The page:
The federal government is now pushing states to take part in two foster care programs that support guardianship placements and the extension of foster care up to age 21. The two programs are part of the Fostering Connections to Success and Increasing Adoptions Act, which was passed in 2009 and allows for federal IV-E funds to be more freely used, according to Youth Today. According to the Act, teens will be eligible for these funds if they continue their education or get a job among other things. As JJIE.org reported last month, more than 700 fostered teens in Georgia turn 18 this year and face an uncertain future, and a quarter of young people who age out become homeless within two years. But Georgia has apparently not applied for the money that might help them.
January 6, 2011 Marietta, GA – The Cobb Alcohol Taskforce in conjunction with Cobb County School’s Prevention Intervention Center sponsored a Youth Voice and Vision Public Service Announcement contest for students in grades 6 through 12, representing school/community youth groups based in Cobb County. The 31 video entries submitted were 30, 60 or 90 seconds long and provided messages addressing the problem with adults providing alcohol to minors. The contest was kicked off at the start of Red Ribbon Week in October. The public was invited to begin viewing and voting for their favorite youth video entries online at www.schooltube.com/user/sources. The entries are in the Favorites section (click view all).
Lesbian, gay, bisexual and transgender young people are up to seven times more likely to attempt suicide than their straight peers and transgender kids also have higher rates of suicidal behavior. This information comes from the Suicide Prevention Resource Center and spurred the National Action Alliance for Suicide Prevention (NSSP) to launch a new task force that targets LGBT young people. The Alliance was created last September as a partnership with Secretary of Health and Human Services Kathleen Sebelius and Department of Defense Secretary Robert M. Gates. Several suicides involving LGBT teens made headlines last year. The most notable may be the Rutgers University freshman who jumped to his death from a bridge after his private encounter with another boy was posted on the Internet.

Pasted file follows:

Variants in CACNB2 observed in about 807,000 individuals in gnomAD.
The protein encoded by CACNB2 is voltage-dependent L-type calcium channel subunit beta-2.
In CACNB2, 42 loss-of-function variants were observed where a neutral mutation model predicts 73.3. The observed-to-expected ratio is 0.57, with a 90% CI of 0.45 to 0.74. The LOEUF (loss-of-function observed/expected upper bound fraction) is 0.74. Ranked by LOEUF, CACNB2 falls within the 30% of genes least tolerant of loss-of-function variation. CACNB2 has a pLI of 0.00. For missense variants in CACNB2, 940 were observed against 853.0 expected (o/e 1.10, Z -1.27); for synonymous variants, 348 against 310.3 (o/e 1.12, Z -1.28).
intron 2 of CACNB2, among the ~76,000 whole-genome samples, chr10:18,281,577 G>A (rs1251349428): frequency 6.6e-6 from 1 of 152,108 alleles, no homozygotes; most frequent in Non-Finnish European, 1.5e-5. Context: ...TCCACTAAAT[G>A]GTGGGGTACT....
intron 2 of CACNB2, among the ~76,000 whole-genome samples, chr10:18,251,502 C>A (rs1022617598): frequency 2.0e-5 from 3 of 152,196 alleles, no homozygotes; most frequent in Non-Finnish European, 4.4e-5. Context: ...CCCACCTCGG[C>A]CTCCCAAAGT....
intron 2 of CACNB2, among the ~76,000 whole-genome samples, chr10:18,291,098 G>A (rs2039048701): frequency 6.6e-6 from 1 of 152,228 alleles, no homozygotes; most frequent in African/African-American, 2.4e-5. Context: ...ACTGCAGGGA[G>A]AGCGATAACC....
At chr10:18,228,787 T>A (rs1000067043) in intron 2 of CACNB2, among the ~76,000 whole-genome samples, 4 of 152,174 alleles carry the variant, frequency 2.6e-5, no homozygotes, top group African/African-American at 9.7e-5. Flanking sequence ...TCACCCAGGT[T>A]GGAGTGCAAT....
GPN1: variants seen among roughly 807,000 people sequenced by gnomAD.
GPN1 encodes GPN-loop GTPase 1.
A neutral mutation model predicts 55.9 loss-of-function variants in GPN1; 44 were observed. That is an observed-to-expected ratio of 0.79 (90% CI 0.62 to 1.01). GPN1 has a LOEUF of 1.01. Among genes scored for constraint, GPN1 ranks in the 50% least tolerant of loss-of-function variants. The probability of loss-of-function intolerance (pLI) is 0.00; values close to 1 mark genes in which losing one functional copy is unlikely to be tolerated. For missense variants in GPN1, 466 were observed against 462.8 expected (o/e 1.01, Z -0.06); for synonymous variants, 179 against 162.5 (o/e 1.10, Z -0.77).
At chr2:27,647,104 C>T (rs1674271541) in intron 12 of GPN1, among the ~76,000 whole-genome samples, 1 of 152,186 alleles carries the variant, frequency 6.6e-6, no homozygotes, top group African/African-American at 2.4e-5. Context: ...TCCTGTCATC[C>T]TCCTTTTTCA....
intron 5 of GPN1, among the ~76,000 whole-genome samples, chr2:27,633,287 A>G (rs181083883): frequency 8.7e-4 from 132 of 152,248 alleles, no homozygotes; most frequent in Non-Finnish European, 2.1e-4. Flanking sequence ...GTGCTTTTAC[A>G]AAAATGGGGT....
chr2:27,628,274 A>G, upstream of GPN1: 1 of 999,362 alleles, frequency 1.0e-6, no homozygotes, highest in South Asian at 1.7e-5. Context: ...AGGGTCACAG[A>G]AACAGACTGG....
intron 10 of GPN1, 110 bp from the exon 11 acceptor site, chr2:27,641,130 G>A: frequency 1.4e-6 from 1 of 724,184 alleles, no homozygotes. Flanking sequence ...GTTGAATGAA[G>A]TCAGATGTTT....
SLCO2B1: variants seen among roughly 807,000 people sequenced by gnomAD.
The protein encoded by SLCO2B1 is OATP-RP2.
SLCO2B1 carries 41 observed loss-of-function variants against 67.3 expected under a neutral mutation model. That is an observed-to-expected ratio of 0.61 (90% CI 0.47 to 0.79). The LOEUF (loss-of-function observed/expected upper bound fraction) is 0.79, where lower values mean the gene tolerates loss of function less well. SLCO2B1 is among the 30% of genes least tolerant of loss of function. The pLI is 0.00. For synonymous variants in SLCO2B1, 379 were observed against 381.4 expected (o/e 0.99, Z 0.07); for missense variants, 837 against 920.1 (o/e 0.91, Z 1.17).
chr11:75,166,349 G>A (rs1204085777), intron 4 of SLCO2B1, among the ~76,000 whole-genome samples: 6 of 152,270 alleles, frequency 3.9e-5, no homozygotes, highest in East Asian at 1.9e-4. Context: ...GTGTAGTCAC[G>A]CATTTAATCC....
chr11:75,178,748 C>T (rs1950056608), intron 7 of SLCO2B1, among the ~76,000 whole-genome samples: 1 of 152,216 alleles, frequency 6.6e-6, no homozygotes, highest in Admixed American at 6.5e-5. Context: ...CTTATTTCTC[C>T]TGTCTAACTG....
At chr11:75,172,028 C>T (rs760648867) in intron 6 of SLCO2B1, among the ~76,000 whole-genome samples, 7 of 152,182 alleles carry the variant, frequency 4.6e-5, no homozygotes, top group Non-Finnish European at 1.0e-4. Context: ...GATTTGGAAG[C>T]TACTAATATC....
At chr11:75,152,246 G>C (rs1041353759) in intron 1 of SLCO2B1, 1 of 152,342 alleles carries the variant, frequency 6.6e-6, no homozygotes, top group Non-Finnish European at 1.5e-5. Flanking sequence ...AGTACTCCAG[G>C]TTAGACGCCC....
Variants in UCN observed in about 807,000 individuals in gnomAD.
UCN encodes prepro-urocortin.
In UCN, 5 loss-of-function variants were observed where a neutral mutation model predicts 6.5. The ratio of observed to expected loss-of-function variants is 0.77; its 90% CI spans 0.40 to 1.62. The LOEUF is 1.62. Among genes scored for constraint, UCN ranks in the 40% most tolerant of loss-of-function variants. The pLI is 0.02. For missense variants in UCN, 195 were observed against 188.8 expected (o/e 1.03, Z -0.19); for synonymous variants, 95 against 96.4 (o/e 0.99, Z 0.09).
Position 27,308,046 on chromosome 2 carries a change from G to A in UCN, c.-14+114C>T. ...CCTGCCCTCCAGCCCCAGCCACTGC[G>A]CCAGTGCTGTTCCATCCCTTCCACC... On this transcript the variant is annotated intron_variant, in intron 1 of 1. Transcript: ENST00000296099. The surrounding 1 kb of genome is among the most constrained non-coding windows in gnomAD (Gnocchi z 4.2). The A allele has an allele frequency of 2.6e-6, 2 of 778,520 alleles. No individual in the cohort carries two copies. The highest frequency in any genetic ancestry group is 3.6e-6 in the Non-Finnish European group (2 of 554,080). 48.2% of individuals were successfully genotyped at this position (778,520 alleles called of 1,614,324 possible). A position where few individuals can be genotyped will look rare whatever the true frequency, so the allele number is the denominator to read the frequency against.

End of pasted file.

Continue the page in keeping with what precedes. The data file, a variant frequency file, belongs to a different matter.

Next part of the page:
Kids are still being paddled in public schools in 20 states, including Georgia and African American students and children with disabilities are twice as likely to get a spanking. That’s according to Rep. Carolyn McCarthy (D-NY) who brought the nationwide “Ending Corporal Punishment in Schools Act” before Congress last year. Elementary school children are also more likely to get paddled than high school kids. New attention on the issue comes from Texas. Last month an advocacy group called The Hitting Stops Here rallied against corporal punishment in Texas public schools, according to KETK-TV.
Forty-five states now have laws against bullying and harassment in schools, including Georgia. The Department of Education sent out a memo last month reiterating that all incidents of bullying and harassment be addressed immediately and effectively. In the memo Arne Duncan, U.S. Secretary of Education, also addressed key components of bullying laws in several states. Here are some interesting highlights:
Oklahoma has linked bullying to antisocial behavior such as vandalism, shoplifting, fighting and drug and alcohol abuse. Indiana law addresses incidents taking place on school property, off school property and even cases involving equipment provided by the school.